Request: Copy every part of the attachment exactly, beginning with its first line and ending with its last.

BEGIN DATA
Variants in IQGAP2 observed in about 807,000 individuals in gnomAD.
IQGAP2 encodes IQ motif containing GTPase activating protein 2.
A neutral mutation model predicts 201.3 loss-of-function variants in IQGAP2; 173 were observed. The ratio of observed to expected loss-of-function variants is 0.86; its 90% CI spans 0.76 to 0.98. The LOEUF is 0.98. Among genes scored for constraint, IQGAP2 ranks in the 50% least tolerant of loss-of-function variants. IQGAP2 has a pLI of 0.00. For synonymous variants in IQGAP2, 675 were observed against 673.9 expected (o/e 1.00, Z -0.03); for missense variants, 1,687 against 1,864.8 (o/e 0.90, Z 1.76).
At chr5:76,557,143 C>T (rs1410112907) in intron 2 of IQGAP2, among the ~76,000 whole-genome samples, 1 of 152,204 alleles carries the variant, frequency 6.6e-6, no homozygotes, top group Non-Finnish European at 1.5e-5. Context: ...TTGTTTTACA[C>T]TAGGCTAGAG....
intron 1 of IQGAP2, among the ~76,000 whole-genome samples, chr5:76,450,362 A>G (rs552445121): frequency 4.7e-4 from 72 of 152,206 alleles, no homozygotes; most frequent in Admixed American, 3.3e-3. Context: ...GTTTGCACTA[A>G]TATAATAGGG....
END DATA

Variants in IQGAP2 observed in about 807,000 individuals in gnomAD.
IQGAP2 encodes IQ motif containing GTPase activating protein 2.
A neutral mutation model predicts 201.3 loss-of-function variants in IQGAP2; 173 were observed. The ratio of observed to expected loss-of-function variants is 0.86; its 90% CI spans 0.76 to 0.98. The LOEUF is 0.98. Among genes scored for constraint, IQGAP2 ranks in the 50% least tolerant of loss-of-function variants. IQGAP2 has a pLI of 0.00. For synonymous variants in IQGAP2, 675 were observed against 673.9 expected (o/e 1.00, Z -0.03); for missense variants, 1,687 against 1,864.8 (o/e 0.90, Z 1.76).
At chr5:76,557,143 C>T (rs1410112907) in intron 2 of IQGAP2, among the ~76,000 whole-genome samples, 1 of 152,204 alleles carries the variant, frequency 6.6e-6, no homozygotes, top group Non-Finnish European at 1.5e-5. Context: ...TTGTTTTACA[C>T]TAGGCTAGAG....
intron 1 of IQGAP2, among the ~76,000 whole-genome samples, chr5:76,450,362 A>G (rs552445121): frequency 4.7e-4 from 72 of 152,206 alleles, no homozygotes; most frequent in Admixed American, 3.3e-3. Context: ...GTTTGCACTA[A>G]TATAATAGGG....